Std::process is escaping a raw string literal when I don't want it to

it shouldn’t be getting

notepad "test \"something in quotes\" "

it should be getting

notepad "test "something in quotes" "

because that’s the literal string I passed. If the quotes needed escaping that’s my job as the caller to do in the string I’m sending as arguments.

Different programs interpret layered quotes differently, some process them in sequence, others from the outside in. The library shouldn’t be assuming it knows better than me as the programmer (or should at least allow an args_raw() option)

And to be clear I’m not trying to lay that responsibility at your feet, it’s not your fault. I’m just working out how to clearly convey it’s actually a bug.

No, absolutely not. For two reasons:

  • The way you build a string in Rust has absolutely no meaning. r#"""# and "\"" and "\x22" are 100% identical in all cases, there’s no trace of any difference anywhere. They all contain exactly one byte ", in all cases.

  • Command::arg() by design explicitly takes role of preserving the argument with any content you put in, and deliberately doesn’t require the programmer to escape anything.

It’s fair to argue that arg() is impossible to implement on Windows, because the entire concept of a command argument technically doesn’t exist on Windows. But Rust’s stdlib chooses the most sensible alternative of assuming arguments do exist in the way CommandLineToArgvW defines them. So in a sense Command only supports running executables using CommandLineToArgvW, and doesn’t support others.

These seem to contradict, can you clarify?

The idea is that if I put abc"'<>&x in arg(), then the executed command will get exactly abc"'<>&x in its env::args().

I can give abc" to arg() and don’t have to give abc\". And I can run .arg(" ").arg(" ") and the receiving executable will get env::args() with [" ", " "], and not [" "] or nothing.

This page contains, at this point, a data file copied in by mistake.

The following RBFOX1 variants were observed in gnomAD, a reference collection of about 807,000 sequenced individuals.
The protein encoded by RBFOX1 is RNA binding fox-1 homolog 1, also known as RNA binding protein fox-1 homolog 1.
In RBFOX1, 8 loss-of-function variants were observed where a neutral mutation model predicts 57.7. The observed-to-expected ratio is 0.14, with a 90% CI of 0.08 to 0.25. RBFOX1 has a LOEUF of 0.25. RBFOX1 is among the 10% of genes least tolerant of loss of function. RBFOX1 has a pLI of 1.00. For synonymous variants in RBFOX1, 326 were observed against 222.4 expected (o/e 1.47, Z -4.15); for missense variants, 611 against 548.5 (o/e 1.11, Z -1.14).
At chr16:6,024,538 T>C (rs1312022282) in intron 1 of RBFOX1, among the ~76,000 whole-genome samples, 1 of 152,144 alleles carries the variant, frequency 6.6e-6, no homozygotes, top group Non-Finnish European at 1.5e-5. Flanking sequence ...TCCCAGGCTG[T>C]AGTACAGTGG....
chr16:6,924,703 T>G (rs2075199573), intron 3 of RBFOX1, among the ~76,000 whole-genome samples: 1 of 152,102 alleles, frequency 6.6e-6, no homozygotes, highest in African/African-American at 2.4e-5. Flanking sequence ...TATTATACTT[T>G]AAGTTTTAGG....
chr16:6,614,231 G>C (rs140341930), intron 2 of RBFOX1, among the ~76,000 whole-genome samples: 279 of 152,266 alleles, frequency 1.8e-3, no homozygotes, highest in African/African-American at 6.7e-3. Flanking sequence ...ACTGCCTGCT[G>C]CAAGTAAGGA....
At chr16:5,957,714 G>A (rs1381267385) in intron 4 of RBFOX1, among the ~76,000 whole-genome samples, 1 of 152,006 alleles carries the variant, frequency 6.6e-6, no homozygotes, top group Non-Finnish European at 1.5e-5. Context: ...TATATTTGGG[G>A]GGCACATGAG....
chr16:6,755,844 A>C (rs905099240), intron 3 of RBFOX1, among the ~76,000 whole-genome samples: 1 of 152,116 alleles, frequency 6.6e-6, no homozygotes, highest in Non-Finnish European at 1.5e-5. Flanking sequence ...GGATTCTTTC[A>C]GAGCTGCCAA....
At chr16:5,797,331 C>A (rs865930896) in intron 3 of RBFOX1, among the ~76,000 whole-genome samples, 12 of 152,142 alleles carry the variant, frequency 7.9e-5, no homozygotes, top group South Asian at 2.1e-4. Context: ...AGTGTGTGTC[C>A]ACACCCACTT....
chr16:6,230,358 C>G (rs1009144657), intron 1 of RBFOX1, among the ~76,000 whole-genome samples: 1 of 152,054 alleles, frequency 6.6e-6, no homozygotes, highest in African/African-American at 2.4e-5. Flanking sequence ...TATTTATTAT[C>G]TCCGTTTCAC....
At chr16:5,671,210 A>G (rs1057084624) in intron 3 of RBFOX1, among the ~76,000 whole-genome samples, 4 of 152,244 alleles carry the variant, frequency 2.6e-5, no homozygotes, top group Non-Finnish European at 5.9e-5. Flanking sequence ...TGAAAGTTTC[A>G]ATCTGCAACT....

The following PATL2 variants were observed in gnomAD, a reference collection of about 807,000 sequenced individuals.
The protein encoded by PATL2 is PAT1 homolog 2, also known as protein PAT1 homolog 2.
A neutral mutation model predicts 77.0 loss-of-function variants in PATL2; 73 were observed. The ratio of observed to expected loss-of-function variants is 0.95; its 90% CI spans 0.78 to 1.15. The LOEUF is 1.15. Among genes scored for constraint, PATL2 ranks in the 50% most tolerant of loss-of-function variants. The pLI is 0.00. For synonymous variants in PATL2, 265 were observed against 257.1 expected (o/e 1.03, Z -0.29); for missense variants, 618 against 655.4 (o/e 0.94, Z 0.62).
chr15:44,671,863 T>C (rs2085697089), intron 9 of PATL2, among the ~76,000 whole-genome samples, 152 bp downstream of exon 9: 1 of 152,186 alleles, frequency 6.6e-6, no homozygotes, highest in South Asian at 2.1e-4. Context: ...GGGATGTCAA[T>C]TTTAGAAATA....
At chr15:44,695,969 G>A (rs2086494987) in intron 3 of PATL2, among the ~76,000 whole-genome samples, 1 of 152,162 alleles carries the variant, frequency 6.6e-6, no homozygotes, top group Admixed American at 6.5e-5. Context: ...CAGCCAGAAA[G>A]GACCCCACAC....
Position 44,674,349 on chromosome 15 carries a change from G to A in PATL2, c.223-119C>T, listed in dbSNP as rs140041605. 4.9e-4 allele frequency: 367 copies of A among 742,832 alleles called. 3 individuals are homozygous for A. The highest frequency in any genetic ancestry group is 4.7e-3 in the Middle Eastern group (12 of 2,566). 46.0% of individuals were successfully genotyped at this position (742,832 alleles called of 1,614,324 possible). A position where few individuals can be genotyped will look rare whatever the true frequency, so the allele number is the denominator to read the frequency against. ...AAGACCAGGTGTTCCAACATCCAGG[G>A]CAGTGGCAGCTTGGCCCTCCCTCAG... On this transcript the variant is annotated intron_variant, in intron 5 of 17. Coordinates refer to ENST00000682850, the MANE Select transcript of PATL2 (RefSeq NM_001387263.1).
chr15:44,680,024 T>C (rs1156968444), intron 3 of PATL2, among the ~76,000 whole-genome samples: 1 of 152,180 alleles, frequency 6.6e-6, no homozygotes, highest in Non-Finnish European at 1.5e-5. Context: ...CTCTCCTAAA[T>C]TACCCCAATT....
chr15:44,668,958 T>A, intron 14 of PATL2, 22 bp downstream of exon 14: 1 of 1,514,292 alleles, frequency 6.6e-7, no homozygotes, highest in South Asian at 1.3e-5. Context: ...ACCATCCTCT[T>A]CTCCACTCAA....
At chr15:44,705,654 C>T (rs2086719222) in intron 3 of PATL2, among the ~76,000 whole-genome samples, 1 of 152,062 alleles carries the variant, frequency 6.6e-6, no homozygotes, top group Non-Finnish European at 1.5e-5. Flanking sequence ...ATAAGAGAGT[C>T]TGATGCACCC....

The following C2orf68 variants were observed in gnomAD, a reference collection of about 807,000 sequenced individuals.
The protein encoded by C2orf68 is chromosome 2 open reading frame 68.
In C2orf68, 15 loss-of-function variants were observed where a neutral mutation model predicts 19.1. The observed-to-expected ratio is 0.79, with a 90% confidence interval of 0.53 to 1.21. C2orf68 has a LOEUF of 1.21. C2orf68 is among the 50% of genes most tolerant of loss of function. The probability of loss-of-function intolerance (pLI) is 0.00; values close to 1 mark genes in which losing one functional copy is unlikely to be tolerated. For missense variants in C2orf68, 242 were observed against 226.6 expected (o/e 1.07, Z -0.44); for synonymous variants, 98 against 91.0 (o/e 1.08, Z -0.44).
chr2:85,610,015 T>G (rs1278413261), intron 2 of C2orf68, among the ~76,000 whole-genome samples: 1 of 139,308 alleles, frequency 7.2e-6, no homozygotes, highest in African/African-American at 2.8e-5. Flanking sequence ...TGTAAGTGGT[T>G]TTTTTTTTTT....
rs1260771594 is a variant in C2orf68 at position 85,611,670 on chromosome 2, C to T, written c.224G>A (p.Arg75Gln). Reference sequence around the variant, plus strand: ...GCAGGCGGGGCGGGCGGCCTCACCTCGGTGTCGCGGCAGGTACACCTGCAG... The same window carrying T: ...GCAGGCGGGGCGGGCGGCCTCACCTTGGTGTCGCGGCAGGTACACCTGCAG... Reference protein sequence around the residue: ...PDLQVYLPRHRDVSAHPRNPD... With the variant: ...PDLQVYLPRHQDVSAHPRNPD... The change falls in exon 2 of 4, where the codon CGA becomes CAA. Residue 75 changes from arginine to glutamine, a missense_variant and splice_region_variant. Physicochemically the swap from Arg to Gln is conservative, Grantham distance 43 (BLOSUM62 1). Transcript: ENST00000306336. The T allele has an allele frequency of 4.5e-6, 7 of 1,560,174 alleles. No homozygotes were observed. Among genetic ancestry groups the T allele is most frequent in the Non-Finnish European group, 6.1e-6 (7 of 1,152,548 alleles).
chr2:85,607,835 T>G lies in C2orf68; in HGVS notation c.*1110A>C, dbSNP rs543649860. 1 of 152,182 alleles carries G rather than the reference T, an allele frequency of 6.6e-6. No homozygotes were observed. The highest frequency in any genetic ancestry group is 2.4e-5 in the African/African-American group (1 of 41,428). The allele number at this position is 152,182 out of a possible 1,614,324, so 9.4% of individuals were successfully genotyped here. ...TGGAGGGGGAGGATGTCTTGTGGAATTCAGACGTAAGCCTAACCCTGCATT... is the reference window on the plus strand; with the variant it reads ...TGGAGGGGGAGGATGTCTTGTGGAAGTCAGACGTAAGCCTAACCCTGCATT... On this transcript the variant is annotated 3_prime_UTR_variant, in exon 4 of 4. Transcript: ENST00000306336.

Note that arg cares about content of the string not syntax, so

let mut s = String::new();
s.push(34 as char);

is same as cmd.arg("\"").

Can provide an example of this happening? Because I’m pretty sure it’d actually get


Make an exe from this:

fn main() {
   for arg in std::env::args() {
      println!("the arg is >{}<", arg);

And then try running it from another program using Command

Rust supports separate arguments, so it will parse them with quoting.

cmd.exe /c and echo don’t support separate arguments, so they won’t understand what quoted arguments mean.

    use std::env;
    use std::io;

    fn main() {
    for arg in std::env::args() {
        println!("the arg is >{}<", arg);
    let mut input = String::new();
    if let Ok(_discard) = io::stdin().read_line(&mut input) {}

Edit: changed the arguments to make the problem more clear
also putting text here to make this post more findable
test.a test.b "test.c test.d" \"test.e test.f\"

notice the difference between the escaped and unescaped quotes?

compare the command line that gets passed here, to the one that get’s passed to notepad.exe above

Notice that \"test.e test.f\" come as separate arguments, not a single argument separated by a space. This is how rust CALLS other programs if I try to pass the "test.c test.d" style, which creates problems.

Interpretation of quoted arguments in Windows is optional, and left up to each individual application’s choice. I haven’t checked if notepad.exe chose to support quoted arguments. I wouldn’t be surprised if it assumed arguments are files, so quote isn’t a legal character, and has some half-assed custom parser. Same happens with dir.

The recommended interpretation of arguments is this:

Note that \"test and "\"test" are completely different things.